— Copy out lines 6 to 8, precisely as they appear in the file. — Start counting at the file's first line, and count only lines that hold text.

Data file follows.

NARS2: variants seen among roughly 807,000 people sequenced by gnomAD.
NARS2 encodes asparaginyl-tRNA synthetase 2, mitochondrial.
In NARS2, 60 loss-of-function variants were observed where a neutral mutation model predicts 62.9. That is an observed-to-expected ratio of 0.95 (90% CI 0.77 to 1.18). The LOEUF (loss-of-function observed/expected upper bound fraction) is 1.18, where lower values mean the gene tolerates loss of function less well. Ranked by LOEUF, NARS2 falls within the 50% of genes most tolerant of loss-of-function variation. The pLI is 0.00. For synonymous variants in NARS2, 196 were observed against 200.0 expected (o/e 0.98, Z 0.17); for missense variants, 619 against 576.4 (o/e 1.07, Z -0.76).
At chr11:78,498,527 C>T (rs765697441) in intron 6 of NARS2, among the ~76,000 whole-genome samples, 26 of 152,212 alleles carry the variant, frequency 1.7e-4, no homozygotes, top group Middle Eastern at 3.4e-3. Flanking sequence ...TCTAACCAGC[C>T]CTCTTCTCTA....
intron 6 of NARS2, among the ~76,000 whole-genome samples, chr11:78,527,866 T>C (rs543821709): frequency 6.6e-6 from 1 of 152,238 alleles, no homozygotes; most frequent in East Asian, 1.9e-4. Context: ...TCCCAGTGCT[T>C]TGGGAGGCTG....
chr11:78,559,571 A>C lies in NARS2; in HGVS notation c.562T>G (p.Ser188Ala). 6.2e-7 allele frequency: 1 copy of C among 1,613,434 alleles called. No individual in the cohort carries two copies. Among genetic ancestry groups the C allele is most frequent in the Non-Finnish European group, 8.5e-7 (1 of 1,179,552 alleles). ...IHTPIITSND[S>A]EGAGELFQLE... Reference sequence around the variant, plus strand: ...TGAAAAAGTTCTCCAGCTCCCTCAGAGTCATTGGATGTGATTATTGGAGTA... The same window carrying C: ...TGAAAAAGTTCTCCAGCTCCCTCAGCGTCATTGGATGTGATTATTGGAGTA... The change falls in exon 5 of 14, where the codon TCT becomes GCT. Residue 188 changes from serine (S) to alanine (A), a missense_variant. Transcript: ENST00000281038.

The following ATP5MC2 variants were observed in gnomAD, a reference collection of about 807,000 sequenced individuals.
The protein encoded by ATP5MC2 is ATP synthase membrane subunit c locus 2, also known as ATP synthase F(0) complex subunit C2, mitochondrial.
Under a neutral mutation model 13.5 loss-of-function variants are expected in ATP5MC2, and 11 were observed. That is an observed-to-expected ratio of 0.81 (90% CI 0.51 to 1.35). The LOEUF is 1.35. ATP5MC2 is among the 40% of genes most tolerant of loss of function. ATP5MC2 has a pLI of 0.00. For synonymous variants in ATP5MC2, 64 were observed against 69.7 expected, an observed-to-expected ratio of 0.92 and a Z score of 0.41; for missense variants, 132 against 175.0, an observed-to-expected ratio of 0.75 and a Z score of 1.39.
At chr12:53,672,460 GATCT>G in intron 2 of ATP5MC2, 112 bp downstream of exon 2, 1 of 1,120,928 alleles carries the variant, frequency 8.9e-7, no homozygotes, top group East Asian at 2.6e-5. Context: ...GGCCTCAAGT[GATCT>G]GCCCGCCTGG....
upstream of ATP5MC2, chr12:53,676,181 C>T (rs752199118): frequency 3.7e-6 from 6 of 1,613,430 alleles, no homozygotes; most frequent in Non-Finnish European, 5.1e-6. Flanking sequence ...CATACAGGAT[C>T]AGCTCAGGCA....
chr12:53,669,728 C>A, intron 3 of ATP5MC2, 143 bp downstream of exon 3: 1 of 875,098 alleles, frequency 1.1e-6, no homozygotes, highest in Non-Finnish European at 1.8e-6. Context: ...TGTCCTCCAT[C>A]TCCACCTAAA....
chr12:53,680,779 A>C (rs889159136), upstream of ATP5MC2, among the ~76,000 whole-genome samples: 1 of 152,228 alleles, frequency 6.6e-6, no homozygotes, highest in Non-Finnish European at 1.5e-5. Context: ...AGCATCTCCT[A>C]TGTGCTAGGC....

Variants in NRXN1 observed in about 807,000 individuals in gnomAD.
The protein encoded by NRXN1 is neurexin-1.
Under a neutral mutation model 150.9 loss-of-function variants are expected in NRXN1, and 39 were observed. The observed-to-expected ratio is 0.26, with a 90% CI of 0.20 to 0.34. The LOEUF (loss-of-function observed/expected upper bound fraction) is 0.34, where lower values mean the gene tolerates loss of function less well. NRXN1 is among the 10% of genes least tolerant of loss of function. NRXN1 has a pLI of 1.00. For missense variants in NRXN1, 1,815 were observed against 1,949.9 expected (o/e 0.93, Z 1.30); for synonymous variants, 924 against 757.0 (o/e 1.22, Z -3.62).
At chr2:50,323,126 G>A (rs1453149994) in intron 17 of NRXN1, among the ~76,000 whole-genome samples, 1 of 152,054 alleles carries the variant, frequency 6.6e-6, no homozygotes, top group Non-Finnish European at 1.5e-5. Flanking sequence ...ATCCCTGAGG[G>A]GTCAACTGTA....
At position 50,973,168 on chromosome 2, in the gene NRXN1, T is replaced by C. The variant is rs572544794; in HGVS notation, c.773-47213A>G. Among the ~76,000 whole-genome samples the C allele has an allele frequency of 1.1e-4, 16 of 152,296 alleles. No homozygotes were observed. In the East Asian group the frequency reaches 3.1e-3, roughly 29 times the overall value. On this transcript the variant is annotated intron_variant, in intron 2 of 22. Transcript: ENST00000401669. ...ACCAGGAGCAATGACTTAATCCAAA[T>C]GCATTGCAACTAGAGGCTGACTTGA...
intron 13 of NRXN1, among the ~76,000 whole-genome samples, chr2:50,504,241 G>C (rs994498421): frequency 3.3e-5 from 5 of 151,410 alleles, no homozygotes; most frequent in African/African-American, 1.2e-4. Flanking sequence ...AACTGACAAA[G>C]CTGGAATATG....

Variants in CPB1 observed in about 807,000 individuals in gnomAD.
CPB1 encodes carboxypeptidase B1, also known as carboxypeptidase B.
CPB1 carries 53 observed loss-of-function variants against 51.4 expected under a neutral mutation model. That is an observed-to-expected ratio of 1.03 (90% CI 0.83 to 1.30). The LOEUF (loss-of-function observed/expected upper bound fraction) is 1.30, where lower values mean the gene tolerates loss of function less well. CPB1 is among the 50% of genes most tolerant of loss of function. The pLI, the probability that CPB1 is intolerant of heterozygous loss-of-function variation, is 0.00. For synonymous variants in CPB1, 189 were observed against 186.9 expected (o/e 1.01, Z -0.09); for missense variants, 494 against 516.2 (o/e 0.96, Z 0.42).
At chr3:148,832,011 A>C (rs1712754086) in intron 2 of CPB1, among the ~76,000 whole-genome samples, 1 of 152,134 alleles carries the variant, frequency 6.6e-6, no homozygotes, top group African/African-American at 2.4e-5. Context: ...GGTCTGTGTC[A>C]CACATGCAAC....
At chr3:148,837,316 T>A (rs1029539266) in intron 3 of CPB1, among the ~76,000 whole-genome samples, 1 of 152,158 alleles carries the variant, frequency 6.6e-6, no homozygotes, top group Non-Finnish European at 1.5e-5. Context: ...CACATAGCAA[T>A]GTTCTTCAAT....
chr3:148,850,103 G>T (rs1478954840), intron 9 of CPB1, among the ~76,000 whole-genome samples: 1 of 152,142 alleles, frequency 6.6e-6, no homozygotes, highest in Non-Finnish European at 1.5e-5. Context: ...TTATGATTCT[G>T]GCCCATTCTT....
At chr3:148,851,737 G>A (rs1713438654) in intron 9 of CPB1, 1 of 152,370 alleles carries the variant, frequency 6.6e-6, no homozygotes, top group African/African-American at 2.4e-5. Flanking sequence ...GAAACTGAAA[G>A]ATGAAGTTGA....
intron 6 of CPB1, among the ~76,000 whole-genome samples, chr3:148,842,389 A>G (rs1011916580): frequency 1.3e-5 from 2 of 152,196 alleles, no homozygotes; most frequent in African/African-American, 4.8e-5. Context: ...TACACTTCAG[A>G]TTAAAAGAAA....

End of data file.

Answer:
chr11:78,559,571 A>C lies in NARS2; in HGVS notation c.562T>G (p.Ser188Ala). 6.2e-7 allele frequency: 1 copy of C among 1,613,434 alleles called. No individual in the cohort carries two copies. Among genetic ancestry groups the C allele is most frequent in the Non-Finnish European group, 8.5e-7 (1 of 1,179,552 alleles). ...IHTPIITSND[S>A]EGAGELFQLE... Reference sequence around the variant, plus strand: ...TGAAAAAGTTCTCCAGCTCCCTCAGAGTCATTGGATGTGATTATTGGAGTA... The same window carrying C: ...TGAAAAAGTTCTCCAGCTCCCTCAGCGTCATTGGATGTGATTATTGGAGTA... The change falls in exon 5 of 14, where the codon TCT becomes GCT. Residue 188 changes from serine (S) to alanine (A), a missense_variant. Transcript: ENST00000281038.

The following ATP5MC2 variants were observed in gnomAD, a reference collection of about 807,000 sequenced individuals.
The protein encoded by ATP5MC2 is ATP synthase membrane subunit c locus 2, also known as ATP synthase F(0) complex subunit C2, mitochondrial.